There are a lot of misconceptions out there about facial plastic surgery. For example, many people mistakenly believe that the specialty is called “plastic surgery” because we use plastic, or other artificial materials like silicone, in various procedures. However this is not the case. The “plastic” used here actually refers to the Greek word “plastikos” which means “to mold or shape.” This is because plastic surgery procedures often involve the manipulation soft tissues, like fat, skin, or even cartilage to improve the appearance of the face or body. However, even this fails to tell the whole story. While many truly amazing results can be achieved by shaping soft tissue alone, sometimes more substantial structural changes are required to correct defects or repair damage. In the case of facial plastic surgery, this is frequently the case when chin surgery, or genioplasty, comes into play.
There are fourteen separate bones that make up the structure of the face and jaw, and together they form the foundation for all of the facial features. While shaping any of these bones can potentially alter the appearance of the face, it is the mandible, or jaw bone, which is most frequently addressed. Not only does the mandible define the entire lower half of the face, but it also acts to balance the nose and ears and provide overall symmetry. When a congenital defect, disease, or traumatic injury makes the chin disproportionately large or small, or when a patient wishes to change the size or shape of the chin to give their face a more masculine or feminine appearance, genioplasty (chin surgery) is often the answer.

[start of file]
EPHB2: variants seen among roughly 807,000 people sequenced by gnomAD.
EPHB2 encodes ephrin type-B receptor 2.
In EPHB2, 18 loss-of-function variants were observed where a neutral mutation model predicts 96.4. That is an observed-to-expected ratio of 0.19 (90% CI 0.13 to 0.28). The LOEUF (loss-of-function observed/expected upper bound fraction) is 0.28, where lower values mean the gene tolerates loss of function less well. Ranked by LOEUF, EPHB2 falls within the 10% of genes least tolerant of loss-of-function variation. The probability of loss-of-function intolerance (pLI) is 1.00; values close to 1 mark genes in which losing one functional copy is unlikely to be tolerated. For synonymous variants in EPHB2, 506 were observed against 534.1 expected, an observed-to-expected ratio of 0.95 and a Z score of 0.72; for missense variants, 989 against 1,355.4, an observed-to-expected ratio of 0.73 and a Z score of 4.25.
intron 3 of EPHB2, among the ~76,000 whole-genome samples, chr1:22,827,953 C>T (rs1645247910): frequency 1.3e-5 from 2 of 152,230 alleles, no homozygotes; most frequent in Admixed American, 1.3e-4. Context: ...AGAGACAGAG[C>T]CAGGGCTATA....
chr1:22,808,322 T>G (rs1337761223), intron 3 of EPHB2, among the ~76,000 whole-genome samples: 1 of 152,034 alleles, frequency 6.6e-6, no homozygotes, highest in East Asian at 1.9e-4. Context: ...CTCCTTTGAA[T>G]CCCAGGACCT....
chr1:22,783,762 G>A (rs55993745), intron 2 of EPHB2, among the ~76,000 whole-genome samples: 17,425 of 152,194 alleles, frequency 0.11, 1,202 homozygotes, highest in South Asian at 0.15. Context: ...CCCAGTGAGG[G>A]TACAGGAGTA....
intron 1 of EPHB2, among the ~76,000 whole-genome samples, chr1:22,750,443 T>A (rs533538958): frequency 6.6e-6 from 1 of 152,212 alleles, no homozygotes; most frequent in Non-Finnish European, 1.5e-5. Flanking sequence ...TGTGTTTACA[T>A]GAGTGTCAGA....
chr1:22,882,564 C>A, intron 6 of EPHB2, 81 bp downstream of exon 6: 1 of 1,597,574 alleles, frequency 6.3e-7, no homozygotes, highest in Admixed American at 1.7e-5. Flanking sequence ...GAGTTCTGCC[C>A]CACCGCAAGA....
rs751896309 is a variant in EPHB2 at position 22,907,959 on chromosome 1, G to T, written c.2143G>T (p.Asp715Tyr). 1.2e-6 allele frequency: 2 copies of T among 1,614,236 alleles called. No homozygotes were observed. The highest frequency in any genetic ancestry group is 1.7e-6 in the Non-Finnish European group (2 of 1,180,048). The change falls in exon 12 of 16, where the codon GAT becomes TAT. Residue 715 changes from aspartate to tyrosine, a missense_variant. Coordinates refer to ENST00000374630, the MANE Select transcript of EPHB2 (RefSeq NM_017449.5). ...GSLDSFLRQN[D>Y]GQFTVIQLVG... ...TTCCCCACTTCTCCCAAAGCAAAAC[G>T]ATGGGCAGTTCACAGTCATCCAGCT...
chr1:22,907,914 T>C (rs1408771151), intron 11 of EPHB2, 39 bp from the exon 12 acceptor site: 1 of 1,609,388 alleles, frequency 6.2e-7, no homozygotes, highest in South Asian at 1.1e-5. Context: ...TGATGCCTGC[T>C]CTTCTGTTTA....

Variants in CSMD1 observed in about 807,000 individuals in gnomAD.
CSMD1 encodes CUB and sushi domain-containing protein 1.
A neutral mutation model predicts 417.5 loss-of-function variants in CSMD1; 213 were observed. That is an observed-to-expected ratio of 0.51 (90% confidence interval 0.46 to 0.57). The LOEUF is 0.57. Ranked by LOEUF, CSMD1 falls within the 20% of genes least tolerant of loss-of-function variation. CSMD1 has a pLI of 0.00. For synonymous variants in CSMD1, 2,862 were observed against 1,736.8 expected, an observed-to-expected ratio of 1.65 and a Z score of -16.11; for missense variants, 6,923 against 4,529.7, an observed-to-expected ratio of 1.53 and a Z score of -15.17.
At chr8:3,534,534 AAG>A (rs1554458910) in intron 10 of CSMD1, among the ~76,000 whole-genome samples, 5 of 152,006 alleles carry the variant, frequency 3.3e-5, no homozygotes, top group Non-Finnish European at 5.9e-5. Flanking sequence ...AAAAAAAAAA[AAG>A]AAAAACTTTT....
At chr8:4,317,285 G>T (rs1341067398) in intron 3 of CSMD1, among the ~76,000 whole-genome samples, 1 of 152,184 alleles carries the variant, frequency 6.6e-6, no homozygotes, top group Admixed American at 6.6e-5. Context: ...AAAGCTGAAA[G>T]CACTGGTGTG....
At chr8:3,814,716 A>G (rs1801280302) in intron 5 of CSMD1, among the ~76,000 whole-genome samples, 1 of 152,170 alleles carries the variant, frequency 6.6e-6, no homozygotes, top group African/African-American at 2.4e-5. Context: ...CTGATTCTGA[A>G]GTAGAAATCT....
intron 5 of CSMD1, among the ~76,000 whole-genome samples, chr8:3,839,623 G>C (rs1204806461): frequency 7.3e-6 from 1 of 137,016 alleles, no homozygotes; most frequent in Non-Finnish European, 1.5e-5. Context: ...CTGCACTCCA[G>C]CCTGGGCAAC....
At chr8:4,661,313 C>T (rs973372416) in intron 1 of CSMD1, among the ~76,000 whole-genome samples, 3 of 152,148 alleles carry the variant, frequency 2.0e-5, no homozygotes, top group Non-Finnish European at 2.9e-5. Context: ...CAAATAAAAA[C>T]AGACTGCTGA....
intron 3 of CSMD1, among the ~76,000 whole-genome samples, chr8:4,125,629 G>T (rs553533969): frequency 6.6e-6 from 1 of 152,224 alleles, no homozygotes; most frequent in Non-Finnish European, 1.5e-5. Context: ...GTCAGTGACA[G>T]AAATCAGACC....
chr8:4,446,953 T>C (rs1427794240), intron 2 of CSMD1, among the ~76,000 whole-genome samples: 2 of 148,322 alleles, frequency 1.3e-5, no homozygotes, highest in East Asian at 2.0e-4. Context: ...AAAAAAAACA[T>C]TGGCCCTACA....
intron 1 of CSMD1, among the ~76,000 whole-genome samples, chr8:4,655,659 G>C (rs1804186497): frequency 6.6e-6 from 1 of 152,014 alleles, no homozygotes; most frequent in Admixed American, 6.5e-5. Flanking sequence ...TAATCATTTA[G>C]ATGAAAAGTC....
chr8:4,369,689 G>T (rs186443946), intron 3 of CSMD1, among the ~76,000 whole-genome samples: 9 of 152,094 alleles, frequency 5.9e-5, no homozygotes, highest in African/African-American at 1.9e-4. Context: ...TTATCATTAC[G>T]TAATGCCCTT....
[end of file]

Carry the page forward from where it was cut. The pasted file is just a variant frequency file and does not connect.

Some patients wish to increase the size and projection of the chin in order to make the face appear stronger and more decisive. In these cases, a sliding genioplasty adjusts a portion of the mandible so that it can be shifted slightly forward, adding vertical height as well as projection. This achieves the desired goals without the need for an artificial implant, reducing the risk of allergic reaction, surgical rejection, or post-operative infection. Other facial contouring techniques can be used to reduce the size of the chin or to subtly alter its shape as well. This is particularly useful when treating cases of macrognathia, an abnormally large jaw caused by disease or genetic defect.
There is no such thing as a “one-size-fits-all” plastic surgery procedure, and although chin surgery and other facial contouring procedures are all vital components of both cosmetic and reconstructive facial plastic surgery, they are not necessarily appropriate for all patients. If you would like to meet with me for a personalized facial plastic surgery consultation where we can go over your individual areas of concern and determine what specific facial plastic surgery procedures might be right for you, contact me, Dr. Fernando Burstein, to schedule an appointment, and connect with me on social media.